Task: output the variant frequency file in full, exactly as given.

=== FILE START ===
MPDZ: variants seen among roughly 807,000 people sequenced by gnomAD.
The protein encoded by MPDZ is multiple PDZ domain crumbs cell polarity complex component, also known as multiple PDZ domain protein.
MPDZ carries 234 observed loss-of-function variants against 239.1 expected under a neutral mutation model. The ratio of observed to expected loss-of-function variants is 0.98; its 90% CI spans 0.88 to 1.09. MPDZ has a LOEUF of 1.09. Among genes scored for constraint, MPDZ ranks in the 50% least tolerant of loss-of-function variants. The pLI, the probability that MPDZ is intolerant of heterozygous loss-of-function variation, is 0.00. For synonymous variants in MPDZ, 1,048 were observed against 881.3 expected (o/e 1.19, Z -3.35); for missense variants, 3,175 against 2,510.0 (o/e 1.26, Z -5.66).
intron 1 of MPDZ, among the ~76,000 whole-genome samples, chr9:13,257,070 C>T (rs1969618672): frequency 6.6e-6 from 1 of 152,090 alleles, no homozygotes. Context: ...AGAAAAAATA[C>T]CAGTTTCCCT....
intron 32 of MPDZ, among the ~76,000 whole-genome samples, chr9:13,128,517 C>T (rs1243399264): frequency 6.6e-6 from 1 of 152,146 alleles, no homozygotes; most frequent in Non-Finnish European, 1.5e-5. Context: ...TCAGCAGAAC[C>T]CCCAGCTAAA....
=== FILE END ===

MPDZ: variants seen among roughly 807,000 people sequenced by gnomAD.
The protein encoded by MPDZ is multiple PDZ domain crumbs cell polarity complex component, also known as multiple PDZ domain protein.
MPDZ carries 234 observed loss-of-function variants against 239.1 expected under a neutral mutation model. The ratio of observed to expected loss-of-function variants is 0.98; its 90% CI spans 0.88 to 1.09. MPDZ has a LOEUF of 1.09. Among genes scored for constraint, MPDZ ranks in the 50% least tolerant of loss-of-function variants. The pLI, the probability that MPDZ is intolerant of heterozygous loss-of-function variation, is 0.00. For synonymous variants in MPDZ, 1,048 were observed against 881.3 expected (o/e 1.19, Z -3.35); for missense variants, 3,175 against 2,510.0 (o/e 1.26, Z -5.66).
intron 1 of MPDZ, among the ~76,000 whole-genome samples, chr9:13,257,070 C>T (rs1969618672): frequency 6.6e-6 from 1 of 152,090 alleles, no homozygotes. Context: ...AGAAAAAATA[C>T]CAGTTTCCCT....
intron 32 of MPDZ, among the ~76,000 whole-genome samples, chr9:13,128,517 C>T (rs1243399264): frequency 6.6e-6 from 1 of 152,146 alleles, no homozygotes; most frequent in Non-Finnish European, 1.5e-5. Context: ...TCAGCAGAAC[C>T]CCCAGCTAAA....